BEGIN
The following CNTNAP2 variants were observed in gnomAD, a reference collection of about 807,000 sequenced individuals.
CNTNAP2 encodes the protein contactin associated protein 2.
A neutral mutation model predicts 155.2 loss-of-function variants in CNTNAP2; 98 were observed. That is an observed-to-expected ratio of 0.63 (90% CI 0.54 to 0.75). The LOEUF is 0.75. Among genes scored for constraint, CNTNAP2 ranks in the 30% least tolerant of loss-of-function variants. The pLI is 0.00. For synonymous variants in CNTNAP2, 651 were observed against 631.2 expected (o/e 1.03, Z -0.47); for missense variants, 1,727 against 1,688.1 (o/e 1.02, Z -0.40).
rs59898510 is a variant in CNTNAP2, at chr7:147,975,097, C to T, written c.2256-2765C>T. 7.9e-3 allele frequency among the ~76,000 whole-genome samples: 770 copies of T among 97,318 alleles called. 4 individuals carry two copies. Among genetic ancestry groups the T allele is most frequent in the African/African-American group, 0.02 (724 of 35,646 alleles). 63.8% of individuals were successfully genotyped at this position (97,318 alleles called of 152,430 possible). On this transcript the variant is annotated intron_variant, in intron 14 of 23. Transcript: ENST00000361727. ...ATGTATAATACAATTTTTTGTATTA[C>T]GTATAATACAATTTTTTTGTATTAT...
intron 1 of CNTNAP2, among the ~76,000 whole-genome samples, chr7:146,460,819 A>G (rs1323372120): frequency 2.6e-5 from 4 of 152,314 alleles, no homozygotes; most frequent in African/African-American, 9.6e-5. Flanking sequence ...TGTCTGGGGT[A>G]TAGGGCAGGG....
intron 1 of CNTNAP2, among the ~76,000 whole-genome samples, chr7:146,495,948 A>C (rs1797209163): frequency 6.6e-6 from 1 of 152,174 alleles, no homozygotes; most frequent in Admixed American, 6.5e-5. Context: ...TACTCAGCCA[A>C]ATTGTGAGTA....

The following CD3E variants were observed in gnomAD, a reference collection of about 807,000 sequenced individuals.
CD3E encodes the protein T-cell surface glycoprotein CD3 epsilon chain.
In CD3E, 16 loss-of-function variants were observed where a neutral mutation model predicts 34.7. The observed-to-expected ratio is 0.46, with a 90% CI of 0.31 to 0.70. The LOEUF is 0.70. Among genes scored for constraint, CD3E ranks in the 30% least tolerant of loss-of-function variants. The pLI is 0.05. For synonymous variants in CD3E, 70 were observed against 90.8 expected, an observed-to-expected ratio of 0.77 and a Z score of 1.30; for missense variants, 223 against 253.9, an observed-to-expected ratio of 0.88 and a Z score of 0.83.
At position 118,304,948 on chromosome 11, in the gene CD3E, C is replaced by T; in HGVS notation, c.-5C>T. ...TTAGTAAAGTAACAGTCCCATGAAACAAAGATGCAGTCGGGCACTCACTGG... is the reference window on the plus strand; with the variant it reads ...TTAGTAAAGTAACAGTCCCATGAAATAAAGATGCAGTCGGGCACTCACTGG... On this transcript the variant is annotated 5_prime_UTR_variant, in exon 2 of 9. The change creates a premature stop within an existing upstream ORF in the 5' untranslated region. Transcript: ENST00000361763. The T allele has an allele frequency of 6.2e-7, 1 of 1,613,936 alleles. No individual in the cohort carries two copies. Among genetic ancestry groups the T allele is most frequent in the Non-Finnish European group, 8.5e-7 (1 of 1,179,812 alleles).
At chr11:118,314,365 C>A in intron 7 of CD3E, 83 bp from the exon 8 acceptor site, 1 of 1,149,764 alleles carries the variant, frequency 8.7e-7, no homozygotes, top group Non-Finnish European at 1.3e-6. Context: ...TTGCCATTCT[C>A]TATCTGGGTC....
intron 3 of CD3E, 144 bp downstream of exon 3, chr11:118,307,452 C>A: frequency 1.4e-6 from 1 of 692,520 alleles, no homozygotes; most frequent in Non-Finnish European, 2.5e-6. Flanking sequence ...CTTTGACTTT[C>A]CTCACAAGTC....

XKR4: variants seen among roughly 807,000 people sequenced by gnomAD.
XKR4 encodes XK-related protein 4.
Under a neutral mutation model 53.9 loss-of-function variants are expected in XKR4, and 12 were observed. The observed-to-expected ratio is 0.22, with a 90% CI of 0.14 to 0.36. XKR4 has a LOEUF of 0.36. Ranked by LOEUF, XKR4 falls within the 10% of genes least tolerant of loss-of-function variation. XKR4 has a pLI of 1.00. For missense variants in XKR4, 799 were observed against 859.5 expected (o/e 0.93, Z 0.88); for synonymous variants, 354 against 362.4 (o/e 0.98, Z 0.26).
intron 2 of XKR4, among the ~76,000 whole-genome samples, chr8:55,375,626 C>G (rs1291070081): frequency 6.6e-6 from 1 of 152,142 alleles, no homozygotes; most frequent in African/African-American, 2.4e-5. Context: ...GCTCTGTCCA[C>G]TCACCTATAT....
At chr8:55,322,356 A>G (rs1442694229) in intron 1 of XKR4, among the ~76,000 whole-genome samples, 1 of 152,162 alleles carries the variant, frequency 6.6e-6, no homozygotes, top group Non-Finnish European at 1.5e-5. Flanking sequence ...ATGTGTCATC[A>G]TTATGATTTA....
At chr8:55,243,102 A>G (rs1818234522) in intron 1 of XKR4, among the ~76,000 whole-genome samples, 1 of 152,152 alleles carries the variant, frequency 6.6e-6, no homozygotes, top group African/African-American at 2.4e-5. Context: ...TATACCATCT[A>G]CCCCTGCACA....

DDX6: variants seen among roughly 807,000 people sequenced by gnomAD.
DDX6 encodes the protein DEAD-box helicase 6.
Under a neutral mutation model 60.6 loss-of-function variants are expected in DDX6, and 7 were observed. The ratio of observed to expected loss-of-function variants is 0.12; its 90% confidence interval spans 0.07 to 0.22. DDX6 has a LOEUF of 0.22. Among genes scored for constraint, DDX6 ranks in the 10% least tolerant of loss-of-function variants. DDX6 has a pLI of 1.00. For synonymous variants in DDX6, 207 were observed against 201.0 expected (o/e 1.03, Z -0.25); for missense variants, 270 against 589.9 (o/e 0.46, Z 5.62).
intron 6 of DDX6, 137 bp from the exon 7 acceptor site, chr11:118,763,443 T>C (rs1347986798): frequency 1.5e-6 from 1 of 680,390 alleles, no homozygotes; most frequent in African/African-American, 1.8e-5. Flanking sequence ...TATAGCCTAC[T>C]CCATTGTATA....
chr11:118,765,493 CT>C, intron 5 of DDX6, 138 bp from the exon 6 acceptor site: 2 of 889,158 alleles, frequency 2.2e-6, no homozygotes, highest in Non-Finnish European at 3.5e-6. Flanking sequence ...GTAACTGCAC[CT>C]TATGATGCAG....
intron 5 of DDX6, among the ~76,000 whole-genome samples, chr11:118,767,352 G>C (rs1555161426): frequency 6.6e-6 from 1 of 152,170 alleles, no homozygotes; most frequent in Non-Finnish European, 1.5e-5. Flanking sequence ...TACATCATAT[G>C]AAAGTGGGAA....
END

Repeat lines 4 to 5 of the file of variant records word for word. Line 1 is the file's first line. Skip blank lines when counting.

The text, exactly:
rs59898510 is a variant in CNTNAP2, at chr7:147,975,097, C to T, written c.2256-2765C>T. 7.9e-3 allele frequency among the ~76,000 whole-genome samples: 770 copies of T among 97,318 alleles called. 4 individuals carry two copies. Among genetic ancestry groups the T allele is most frequent in the African/African-American group, 0.02 (724 of 35,646 alleles). 63.8% of individuals were successfully genotyped at this position (97,318 alleles called of 152,430 possible). On this transcript the variant is annotated intron_variant, in intron 14 of 23. Transcript: ENST00000361727. ...ATGTATAATACAATTTTTTGTATTA[C>T]GTATAATACAATTTTTTTGTATTAT...
intron 1 of CNTNAP2, among the ~76,000 whole-genome samples, chr7:146,460,819 A>G (rs1323372120): frequency 2.6e-5 from 4 of 152,314 alleles, no homozygotes; most frequent in African/African-American, 9.6e-5. Flanking sequence ...TGTCTGGGGT[A>G]TAGGGCAGGG....